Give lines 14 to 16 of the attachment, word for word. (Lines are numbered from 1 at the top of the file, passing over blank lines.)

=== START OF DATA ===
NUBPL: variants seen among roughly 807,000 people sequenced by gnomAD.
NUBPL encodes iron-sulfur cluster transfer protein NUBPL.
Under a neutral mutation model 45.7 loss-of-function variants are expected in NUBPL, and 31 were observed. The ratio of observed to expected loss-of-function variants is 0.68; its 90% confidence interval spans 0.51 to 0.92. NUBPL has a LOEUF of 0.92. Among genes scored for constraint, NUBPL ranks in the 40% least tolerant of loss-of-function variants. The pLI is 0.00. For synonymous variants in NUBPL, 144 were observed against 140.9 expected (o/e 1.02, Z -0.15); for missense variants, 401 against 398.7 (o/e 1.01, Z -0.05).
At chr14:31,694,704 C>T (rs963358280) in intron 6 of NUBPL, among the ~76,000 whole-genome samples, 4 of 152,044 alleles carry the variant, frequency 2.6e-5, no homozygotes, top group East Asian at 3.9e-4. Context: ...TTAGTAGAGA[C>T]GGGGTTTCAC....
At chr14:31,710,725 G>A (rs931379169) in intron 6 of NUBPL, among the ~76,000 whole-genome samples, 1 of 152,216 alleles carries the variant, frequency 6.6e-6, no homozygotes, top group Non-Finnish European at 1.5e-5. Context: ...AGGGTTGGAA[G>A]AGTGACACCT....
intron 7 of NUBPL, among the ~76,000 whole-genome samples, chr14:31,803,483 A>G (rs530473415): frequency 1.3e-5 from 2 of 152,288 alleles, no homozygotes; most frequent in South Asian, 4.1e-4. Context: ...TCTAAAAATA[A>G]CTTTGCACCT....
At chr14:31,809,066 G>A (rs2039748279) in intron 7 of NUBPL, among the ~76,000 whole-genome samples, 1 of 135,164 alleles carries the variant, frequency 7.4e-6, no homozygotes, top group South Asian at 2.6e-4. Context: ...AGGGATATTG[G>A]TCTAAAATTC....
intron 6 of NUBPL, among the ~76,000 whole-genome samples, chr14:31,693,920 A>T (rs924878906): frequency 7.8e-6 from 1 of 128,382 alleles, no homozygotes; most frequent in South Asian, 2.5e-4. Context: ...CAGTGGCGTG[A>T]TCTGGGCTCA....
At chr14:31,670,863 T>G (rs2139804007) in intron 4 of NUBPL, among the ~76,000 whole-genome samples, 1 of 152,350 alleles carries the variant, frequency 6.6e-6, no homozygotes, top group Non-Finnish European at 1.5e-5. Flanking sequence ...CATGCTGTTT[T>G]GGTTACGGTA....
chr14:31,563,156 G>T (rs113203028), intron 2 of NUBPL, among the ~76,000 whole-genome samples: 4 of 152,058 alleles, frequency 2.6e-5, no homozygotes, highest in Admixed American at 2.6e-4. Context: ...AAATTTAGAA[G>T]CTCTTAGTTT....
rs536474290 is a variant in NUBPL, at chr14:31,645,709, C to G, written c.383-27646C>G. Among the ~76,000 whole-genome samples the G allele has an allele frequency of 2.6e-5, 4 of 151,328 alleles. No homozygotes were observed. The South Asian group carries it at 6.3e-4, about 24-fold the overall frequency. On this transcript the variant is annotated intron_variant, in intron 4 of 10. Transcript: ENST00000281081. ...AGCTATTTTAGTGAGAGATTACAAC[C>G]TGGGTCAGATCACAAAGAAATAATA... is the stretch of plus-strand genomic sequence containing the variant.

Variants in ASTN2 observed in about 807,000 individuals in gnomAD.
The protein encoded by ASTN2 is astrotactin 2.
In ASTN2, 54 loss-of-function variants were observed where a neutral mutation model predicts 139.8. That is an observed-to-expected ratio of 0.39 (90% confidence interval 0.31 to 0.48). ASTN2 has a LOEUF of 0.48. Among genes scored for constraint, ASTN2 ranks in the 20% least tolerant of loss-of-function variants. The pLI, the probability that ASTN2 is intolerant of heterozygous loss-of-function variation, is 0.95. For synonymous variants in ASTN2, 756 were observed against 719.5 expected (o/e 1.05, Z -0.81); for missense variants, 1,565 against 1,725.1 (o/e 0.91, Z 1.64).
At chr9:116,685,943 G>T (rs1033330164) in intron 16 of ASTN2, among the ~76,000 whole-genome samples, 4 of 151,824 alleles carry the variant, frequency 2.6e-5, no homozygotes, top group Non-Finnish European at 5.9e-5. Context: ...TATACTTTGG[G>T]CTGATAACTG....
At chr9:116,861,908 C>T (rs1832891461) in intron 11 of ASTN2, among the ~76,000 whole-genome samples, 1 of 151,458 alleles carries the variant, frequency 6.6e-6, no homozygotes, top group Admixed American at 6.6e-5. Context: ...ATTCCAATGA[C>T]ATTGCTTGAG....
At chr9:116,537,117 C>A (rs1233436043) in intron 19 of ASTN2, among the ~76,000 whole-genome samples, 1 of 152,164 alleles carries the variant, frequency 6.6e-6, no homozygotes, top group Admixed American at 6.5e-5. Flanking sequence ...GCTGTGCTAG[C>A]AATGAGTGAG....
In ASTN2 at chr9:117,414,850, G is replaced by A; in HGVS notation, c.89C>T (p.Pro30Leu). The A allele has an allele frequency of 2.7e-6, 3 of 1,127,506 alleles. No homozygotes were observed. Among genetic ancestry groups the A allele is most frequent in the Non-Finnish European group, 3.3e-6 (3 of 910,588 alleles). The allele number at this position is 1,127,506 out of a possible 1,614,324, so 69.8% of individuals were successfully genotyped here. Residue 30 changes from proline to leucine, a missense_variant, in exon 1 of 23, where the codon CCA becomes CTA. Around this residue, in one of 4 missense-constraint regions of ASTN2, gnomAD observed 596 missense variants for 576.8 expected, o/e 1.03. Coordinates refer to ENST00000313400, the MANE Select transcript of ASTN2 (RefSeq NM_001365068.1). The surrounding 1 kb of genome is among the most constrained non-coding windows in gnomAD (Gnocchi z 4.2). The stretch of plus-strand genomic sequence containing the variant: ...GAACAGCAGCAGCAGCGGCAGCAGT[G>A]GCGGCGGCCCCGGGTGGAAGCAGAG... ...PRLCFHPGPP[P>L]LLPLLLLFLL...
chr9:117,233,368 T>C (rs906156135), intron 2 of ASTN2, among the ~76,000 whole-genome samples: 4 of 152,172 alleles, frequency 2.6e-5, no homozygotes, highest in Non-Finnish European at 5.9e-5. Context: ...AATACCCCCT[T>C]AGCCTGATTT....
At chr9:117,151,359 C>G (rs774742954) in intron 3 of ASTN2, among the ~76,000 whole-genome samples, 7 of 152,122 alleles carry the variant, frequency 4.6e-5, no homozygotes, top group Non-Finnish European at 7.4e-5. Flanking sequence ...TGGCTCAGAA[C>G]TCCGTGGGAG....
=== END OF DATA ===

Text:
In ASTN2, 54 loss-of-function variants were observed where a neutral mutation model predicts 139.8. That is an observed-to-expected ratio of 0.39 (90% confidence interval 0.31 to 0.48). ASTN2 has a LOEUF of 0.48. Among genes scored for constraint, ASTN2 ranks in the 20% least tolerant of loss-of-function variants. The pLI, the probability that ASTN2 is intolerant of heterozygous loss-of-function variation, is 0.95. For synonymous variants in ASTN2, 756 were observed against 719.5 expected (o/e 1.05, Z -0.81); for missense variants, 1,565 against 1,725.1 (o/e 0.91, Z 1.64).
At chr9:116,685,943 G>T (rs1033330164) in intron 16 of ASTN2, among the ~76,000 whole-genome samples, 4 of 151,824 alleles carry the variant, frequency 2.6e-5, no homozygotes, top group Non-Finnish European at 5.9e-5. Context: ...TATACTTTGG[G>T]CTGATAACTG....
At chr9:116,861,908 C>T (rs1832891461) in intron 11 of ASTN2, among the ~76,000 whole-genome samples, 1 of 151,458 alleles carries the variant, frequency 6.6e-6, no homozygotes, top group Admixed American at 6.6e-5. Context: ...ATTCCAATGA[C>T]ATTGCTTGAG....